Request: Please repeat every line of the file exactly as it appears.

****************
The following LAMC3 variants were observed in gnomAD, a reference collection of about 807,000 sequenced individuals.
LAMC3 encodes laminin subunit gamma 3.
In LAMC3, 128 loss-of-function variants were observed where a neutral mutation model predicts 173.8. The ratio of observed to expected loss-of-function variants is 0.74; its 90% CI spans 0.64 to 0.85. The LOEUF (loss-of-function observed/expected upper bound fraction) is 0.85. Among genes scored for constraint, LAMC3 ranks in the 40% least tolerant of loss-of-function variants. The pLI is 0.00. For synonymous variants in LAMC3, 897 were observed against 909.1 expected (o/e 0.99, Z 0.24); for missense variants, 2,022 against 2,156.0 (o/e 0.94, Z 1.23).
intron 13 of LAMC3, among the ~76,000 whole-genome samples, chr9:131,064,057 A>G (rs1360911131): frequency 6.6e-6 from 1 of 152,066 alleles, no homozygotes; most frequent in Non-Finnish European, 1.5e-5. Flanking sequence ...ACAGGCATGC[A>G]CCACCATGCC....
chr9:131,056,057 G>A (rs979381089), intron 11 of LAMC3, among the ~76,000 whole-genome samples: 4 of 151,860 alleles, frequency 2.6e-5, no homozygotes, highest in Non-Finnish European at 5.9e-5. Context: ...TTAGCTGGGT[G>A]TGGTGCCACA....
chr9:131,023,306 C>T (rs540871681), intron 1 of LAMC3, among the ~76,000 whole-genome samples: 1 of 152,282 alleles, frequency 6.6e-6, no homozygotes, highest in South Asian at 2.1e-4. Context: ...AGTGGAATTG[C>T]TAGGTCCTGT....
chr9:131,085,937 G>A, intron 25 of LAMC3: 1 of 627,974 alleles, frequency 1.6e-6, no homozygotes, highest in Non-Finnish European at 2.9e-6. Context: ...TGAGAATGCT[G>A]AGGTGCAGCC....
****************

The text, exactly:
The following LAMC3 variants were observed in gnomAD, a reference collection of about 807,000 sequenced individuals.
LAMC3 encodes laminin subunit gamma 3.
In LAMC3, 128 loss-of-function variants were observed where a neutral mutation model predicts 173.8. The ratio of observed to expected loss-of-function variants is 0.74; its 90% CI spans 0.64 to 0.85. The LOEUF (loss-of-function observed/expected upper bound fraction) is 0.85. Among genes scored for constraint, LAMC3 ranks in the 40% least tolerant of loss-of-function variants. The pLI is 0.00. For synonymous variants in LAMC3, 897 were observed against 909.1 expected (o/e 0.99, Z 0.24); for missense variants, 2,022 against 2,156.0 (o/e 0.94, Z 1.23).
intron 13 of LAMC3, among the ~76,000 whole-genome samples, chr9:131,064,057 A>G (rs1360911131): frequency 6.6e-6 from 1 of 152,066 alleles, no homozygotes; most frequent in Non-Finnish European, 1.5e-5. Flanking sequence ...ACAGGCATGC[A>G]CCACCATGCC....
chr9:131,056,057 G>A (rs979381089), intron 11 of LAMC3, among the ~76,000 whole-genome samples: 4 of 151,860 alleles, frequency 2.6e-5, no homozygotes, highest in Non-Finnish European at 5.9e-5. Context: ...TTAGCTGGGT[G>A]TGGTGCCACA....
chr9:131,023,306 C>T (rs540871681), intron 1 of LAMC3, among the ~76,000 whole-genome samples: 1 of 152,282 alleles, frequency 6.6e-6, no homozygotes, highest in South Asian at 2.1e-4. Context: ...AGTGGAATTG[C>T]TAGGTCCTGT....
chr9:131,085,937 G>A, intron 25 of LAMC3: 1 of 627,974 alleles, frequency 1.6e-6, no homozygotes, highest in Non-Finnish European at 2.9e-6. Context: ...TGAGAATGCT[G>A]AGGTGCAGCC....